THYKE: WHAT IS THE STORY BEHIND THE NAME “THE RESTAURANT SCIENTIST AND WHAT MADE YOU BUILD YOUR BRAND AROUND IT?
WALLACE: Actually, my good friend legendary Rapper Doug E Fresh owned a restaurant in Harlem named Doug E’s Chicken & Waffles. I was Doug’s lead consultant for his restaurant. Doug was my inspiration for “The Restaurant Scientist” I was consulting at Doug E’s Chicken and Waffles, and we were having a financial analysis meeting with his accountant. During the conversation, I was breaking down the profit ratio relationship between fixed and variable costs, how that translates into maximizing profits. Doug stops the conversation he said, DAMN “You like, a ‘Restaurant Scientist’ with this shit”. We all laughed, and I thought for a moment and said, “Yes, you are absolutely right, I am a restaurant scientist, and the rest is history.
THYKE: BEFORE TRANSITIONING INTO THE RESTAURANT SCIENTIST, WHAT OTHER EXPERIENCES DID YOU HAVE IN THE RESTAURANT BUSINESS?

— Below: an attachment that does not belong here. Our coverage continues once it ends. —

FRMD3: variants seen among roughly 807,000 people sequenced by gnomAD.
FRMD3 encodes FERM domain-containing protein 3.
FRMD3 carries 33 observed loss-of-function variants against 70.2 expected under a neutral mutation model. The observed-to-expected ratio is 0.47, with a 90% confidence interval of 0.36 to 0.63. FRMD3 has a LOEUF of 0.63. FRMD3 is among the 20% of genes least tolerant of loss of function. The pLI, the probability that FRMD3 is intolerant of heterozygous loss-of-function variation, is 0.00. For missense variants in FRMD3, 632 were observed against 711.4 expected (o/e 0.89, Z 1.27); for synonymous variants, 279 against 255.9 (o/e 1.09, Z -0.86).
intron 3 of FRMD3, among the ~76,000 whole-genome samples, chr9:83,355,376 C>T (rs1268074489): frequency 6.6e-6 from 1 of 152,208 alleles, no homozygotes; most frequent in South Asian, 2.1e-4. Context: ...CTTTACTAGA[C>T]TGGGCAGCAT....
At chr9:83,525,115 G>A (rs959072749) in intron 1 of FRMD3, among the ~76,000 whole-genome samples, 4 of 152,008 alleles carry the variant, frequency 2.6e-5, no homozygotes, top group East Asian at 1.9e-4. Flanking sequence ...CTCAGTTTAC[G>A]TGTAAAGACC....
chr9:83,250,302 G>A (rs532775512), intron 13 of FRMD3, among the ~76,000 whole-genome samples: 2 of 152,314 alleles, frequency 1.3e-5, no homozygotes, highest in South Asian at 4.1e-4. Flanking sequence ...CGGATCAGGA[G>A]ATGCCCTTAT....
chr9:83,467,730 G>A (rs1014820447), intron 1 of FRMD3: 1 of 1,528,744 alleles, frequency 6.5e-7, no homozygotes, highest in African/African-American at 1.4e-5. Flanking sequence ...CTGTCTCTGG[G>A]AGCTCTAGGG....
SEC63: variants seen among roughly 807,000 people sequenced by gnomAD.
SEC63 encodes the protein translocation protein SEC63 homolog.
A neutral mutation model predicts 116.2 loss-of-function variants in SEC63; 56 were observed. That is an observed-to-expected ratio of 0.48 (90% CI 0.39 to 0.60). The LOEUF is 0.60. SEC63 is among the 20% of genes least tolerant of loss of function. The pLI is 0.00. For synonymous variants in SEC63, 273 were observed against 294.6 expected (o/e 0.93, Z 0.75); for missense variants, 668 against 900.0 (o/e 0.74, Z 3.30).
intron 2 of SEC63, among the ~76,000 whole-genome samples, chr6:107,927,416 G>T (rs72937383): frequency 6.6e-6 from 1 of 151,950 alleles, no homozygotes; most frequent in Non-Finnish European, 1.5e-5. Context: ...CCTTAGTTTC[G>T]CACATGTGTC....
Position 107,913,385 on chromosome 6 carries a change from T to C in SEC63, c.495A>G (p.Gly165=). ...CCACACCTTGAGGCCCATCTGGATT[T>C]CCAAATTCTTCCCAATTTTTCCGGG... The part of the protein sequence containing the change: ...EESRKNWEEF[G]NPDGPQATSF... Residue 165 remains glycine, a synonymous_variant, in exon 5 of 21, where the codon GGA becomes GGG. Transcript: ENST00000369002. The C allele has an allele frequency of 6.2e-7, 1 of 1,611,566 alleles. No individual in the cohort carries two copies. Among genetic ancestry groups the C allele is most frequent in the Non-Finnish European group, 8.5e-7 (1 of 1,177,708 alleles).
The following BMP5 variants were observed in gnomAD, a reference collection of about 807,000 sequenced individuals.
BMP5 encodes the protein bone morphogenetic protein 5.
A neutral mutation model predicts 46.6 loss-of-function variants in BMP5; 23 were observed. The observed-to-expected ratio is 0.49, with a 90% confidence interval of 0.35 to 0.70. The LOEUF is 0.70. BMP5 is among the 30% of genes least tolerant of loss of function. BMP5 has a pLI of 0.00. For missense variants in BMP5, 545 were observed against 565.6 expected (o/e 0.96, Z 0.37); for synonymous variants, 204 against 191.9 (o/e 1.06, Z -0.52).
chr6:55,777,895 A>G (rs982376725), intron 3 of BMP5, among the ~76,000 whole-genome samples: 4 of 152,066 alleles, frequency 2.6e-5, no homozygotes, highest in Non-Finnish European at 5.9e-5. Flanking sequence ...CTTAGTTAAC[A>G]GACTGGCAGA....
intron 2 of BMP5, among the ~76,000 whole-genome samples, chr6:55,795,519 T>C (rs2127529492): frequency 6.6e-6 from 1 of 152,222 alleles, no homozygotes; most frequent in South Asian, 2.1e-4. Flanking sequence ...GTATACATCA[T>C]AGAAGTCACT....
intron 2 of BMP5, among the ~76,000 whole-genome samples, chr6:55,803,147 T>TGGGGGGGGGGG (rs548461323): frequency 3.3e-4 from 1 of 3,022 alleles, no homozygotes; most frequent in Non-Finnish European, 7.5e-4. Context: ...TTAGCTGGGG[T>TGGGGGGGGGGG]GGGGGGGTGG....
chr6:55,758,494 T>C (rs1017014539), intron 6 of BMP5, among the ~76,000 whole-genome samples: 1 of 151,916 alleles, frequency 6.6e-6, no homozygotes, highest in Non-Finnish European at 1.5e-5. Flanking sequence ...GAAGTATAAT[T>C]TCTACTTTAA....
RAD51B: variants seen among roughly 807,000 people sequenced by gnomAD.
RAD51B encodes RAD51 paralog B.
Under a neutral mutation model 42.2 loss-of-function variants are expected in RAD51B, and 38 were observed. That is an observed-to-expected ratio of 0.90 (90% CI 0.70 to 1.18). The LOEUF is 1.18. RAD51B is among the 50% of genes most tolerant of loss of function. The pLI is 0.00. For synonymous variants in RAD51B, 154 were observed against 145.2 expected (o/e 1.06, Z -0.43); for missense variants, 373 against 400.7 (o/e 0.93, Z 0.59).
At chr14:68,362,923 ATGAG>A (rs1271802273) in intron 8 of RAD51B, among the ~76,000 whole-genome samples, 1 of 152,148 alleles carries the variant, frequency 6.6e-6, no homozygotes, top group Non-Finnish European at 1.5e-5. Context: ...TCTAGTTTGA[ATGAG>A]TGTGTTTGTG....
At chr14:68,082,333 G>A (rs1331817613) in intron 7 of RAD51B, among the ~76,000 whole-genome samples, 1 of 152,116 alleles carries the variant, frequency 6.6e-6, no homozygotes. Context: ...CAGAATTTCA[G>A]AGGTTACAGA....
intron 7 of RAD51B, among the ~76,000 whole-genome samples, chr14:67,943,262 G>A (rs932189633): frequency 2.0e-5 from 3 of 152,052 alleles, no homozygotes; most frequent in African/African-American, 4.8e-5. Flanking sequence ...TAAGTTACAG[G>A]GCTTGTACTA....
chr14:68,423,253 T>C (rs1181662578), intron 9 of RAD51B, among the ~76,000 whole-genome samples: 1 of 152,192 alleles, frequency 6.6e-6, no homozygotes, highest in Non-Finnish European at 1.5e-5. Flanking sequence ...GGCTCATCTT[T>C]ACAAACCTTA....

WALLACE: As I stated before, I worked at Rosie O’Grady’s Restaurant located in New York City’s, Times Square as a line cook. I completed a one-year apprenticeship in La Rochelle, France at Restaurant Cousineau which was an amazing opportunity. The turning point for me was when I left the kitchen and landed my first management position working for Restaurant Associates. I was hired as the Assistant Manager at the Metropolitan Museum of Arts, a 12-million-dollar account, to manage there and their satellite locations. Even though my role as Assistant Manager, I worked in the capacity of Restaurant Manager because no one held the position. After observing my excellent work ethic and my ability to work under pressure with professionalism, they decided to officially grant me the title, of Restaurant Manager, and eventually ascended to General Manager title. During my training, I learned bookkeeping, accounting, labor cost, and all the things that impacted the balance sheet. This experience gave me the confidence to become an entrepreneur and create my own consulting business.